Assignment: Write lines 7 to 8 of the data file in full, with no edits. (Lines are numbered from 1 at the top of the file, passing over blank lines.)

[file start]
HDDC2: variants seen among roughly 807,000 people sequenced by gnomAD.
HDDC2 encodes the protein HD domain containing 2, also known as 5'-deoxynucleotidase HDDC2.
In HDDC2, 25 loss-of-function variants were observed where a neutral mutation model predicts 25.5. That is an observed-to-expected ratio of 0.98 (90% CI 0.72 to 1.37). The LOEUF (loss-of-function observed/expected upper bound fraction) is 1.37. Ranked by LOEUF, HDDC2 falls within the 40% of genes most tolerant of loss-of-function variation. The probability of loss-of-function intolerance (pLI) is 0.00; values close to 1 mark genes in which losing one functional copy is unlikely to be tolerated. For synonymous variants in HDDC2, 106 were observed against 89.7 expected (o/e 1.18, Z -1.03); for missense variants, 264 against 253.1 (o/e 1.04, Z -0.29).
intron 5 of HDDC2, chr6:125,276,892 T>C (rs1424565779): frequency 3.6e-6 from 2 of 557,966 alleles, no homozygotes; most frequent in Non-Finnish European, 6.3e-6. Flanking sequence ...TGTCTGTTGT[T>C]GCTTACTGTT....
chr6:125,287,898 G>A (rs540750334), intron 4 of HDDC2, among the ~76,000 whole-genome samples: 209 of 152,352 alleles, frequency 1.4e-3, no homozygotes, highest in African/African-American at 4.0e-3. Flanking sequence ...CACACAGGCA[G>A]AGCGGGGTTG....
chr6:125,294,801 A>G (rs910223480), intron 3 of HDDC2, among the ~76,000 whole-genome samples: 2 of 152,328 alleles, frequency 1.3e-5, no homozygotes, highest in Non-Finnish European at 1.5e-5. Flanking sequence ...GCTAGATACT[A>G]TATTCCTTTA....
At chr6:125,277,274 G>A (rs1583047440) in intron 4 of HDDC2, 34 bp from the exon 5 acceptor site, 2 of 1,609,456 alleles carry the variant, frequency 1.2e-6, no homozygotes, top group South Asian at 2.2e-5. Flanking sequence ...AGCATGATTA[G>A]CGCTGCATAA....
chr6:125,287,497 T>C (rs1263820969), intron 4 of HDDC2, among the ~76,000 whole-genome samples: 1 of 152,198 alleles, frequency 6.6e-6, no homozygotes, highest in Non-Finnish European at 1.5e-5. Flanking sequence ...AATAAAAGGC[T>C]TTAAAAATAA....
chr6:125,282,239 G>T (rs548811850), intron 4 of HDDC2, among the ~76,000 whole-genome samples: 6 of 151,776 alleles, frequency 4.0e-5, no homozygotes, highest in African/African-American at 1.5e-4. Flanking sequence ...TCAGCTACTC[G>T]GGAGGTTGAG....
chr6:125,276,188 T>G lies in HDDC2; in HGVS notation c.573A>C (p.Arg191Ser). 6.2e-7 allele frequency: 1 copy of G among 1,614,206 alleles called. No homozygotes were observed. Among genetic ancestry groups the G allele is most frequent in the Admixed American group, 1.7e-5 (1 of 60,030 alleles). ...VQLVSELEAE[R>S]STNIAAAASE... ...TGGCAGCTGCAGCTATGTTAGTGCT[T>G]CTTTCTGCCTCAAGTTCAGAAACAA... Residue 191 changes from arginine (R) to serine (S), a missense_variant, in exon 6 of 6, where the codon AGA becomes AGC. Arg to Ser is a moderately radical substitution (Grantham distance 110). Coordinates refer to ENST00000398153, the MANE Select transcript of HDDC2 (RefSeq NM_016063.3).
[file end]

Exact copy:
At chr6:125,277,274 G>A (rs1583047440) in intron 4 of HDDC2, 34 bp from the exon 5 acceptor site, 2 of 1,609,456 alleles carry the variant, frequency 1.2e-6, no homozygotes, top group South Asian at 2.2e-5. Flanking sequence ...AGCATGATTA[G>A]CGCTGCATAA....
chr6:125,287,497 T>C (rs1263820969), intron 4 of HDDC2, among the ~76,000 whole-genome samples: 1 of 152,198 alleles, frequency 6.6e-6, no homozygotes, highest in Non-Finnish European at 1.5e-5. Flanking sequence ...AATAAAAGGC[T>C]TTAAAAATAA....